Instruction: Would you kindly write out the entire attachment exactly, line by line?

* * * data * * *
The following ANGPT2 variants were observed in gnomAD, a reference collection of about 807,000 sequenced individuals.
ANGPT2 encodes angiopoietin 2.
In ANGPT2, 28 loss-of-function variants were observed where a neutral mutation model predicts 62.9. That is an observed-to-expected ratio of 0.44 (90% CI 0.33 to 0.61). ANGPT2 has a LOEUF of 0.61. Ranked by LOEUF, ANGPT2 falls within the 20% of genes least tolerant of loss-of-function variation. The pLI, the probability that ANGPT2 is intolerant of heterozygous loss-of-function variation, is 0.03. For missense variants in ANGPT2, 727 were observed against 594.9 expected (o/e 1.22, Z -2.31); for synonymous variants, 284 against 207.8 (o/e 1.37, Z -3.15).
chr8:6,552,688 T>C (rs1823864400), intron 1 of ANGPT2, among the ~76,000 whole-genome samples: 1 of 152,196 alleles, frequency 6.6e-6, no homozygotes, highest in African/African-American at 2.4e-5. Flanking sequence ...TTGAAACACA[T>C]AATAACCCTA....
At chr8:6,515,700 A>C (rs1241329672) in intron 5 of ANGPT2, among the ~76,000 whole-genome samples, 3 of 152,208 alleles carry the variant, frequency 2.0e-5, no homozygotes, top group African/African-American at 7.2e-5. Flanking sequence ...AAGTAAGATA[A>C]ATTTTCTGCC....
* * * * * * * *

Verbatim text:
The following ANGPT2 variants were observed in gnomAD, a reference collection of about 807,000 sequenced individuals.
ANGPT2 encodes angiopoietin 2.
In ANGPT2, 28 loss-of-function variants were observed where a neutral mutation model predicts 62.9. That is an observed-to-expected ratio of 0.44 (90% CI 0.33 to 0.61). ANGPT2 has a LOEUF of 0.61. Ranked by LOEUF, ANGPT2 falls within the 20% of genes least tolerant of loss-of-function variation. The pLI, the probability that ANGPT2 is intolerant of heterozygous loss-of-function variation, is 0.03. For missense variants in ANGPT2, 727 were observed against 594.9 expected (o/e 1.22, Z -2.31); for synonymous variants, 284 against 207.8 (o/e 1.37, Z -3.15).
chr8:6,552,688 T>C (rs1823864400), intron 1 of ANGPT2, among the ~76,000 whole-genome samples: 1 of 152,196 alleles, frequency 6.6e-6, no homozygotes, highest in African/African-American at 2.4e-5. Flanking sequence ...TTGAAACACA[T>C]AATAACCCTA....
At chr8:6,515,700 A>C (rs1241329672) in intron 5 of ANGPT2, among the ~76,000 whole-genome samples, 3 of 152,208 alleles carry the variant, frequency 2.0e-5, no homozygotes, top group African/African-American at 7.2e-5. Flanking sequence ...AAGTAAGATA[A>C]ATTTTCTGCC....